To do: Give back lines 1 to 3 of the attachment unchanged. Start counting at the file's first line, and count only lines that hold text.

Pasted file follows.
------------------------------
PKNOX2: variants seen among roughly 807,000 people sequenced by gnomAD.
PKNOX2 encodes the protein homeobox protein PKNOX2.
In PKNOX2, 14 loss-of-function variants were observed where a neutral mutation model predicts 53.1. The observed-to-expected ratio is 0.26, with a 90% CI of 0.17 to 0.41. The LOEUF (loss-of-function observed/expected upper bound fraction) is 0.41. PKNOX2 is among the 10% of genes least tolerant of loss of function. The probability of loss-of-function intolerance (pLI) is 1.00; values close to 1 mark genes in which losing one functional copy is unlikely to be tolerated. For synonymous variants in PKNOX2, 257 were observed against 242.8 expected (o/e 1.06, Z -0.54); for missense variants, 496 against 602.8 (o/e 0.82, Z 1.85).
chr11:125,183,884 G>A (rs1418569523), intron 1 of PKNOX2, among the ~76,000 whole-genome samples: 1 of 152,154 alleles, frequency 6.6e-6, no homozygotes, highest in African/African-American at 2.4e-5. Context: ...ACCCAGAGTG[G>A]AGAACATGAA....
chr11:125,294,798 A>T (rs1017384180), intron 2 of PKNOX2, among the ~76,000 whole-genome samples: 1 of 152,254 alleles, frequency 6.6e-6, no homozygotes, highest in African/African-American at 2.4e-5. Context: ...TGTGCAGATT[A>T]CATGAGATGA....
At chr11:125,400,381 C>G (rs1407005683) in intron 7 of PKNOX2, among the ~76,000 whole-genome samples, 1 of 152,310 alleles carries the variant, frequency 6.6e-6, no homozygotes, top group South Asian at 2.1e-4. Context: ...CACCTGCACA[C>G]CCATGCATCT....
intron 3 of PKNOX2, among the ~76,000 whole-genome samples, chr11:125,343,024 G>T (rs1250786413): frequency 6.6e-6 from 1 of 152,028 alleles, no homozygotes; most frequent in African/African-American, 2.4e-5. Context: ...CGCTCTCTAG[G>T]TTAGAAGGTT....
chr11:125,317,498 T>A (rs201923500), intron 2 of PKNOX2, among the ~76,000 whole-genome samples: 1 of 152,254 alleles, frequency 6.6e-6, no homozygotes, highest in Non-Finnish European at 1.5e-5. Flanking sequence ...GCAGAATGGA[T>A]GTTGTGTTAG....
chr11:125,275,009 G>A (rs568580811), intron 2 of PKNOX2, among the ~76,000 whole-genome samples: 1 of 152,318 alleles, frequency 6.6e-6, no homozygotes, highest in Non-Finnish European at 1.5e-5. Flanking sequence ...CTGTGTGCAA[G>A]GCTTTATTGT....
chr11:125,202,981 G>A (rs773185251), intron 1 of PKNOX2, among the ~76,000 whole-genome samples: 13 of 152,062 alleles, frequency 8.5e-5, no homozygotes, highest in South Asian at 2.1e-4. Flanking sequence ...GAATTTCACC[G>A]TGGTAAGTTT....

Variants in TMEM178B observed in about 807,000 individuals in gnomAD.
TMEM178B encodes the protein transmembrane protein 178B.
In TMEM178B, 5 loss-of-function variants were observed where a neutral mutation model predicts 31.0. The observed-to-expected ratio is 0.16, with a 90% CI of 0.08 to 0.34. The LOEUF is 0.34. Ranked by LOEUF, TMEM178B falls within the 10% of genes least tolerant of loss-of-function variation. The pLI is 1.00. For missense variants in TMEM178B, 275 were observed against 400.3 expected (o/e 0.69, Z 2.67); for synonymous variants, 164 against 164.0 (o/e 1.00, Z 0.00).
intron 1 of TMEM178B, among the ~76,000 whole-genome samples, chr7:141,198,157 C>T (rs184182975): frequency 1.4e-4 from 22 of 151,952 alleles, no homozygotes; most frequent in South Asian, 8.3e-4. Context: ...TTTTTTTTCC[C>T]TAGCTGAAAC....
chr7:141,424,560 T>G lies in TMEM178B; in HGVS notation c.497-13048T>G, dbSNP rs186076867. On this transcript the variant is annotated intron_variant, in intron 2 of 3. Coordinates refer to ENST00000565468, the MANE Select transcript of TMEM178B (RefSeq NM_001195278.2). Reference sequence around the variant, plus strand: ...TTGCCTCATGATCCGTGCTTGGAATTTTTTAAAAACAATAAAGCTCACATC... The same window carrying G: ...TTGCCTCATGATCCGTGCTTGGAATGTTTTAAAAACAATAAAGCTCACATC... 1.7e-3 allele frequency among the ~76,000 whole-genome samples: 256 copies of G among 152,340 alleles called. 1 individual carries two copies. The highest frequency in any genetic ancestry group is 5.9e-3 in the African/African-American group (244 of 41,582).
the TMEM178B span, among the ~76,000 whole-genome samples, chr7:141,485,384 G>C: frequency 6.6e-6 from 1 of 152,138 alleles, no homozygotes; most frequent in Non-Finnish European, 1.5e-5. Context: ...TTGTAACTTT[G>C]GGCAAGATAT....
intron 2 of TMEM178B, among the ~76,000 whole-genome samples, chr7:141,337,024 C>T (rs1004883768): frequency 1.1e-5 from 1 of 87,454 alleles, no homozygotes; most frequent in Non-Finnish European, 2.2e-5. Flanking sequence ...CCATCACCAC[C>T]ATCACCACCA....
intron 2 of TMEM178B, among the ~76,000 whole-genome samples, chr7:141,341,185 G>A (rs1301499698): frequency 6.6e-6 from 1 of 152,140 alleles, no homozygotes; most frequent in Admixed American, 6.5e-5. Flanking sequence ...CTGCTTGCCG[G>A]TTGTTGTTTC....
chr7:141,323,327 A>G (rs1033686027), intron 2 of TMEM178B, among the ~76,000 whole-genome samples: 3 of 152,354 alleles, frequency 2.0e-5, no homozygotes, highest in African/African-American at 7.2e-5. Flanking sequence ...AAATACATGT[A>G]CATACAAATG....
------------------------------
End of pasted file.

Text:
PKNOX2: variants seen among roughly 807,000 people sequenced by gnomAD.
PKNOX2 encodes the protein homeobox protein PKNOX2.
In PKNOX2, 14 loss-of-function variants were observed where a neutral mutation model predicts 53.1. The observed-to-expected ratio is 0.26, with a 90% CI of 0.17 to 0.41. The LOEUF (loss-of-function observed/expected upper bound fraction) is 0.41. PKNOX2 is among the 10% of genes least tolerant of loss of function. The probability of loss-of-function intolerance (pLI) is 1.00; values close to 1 mark genes in which losing one functional copy is unlikely to be tolerated. For synonymous variants in PKNOX2, 257 were observed against 242.8 expected (o/e 1.06, Z -0.54); for missense variants, 496 against 602.8 (o/e 0.82, Z 1.85).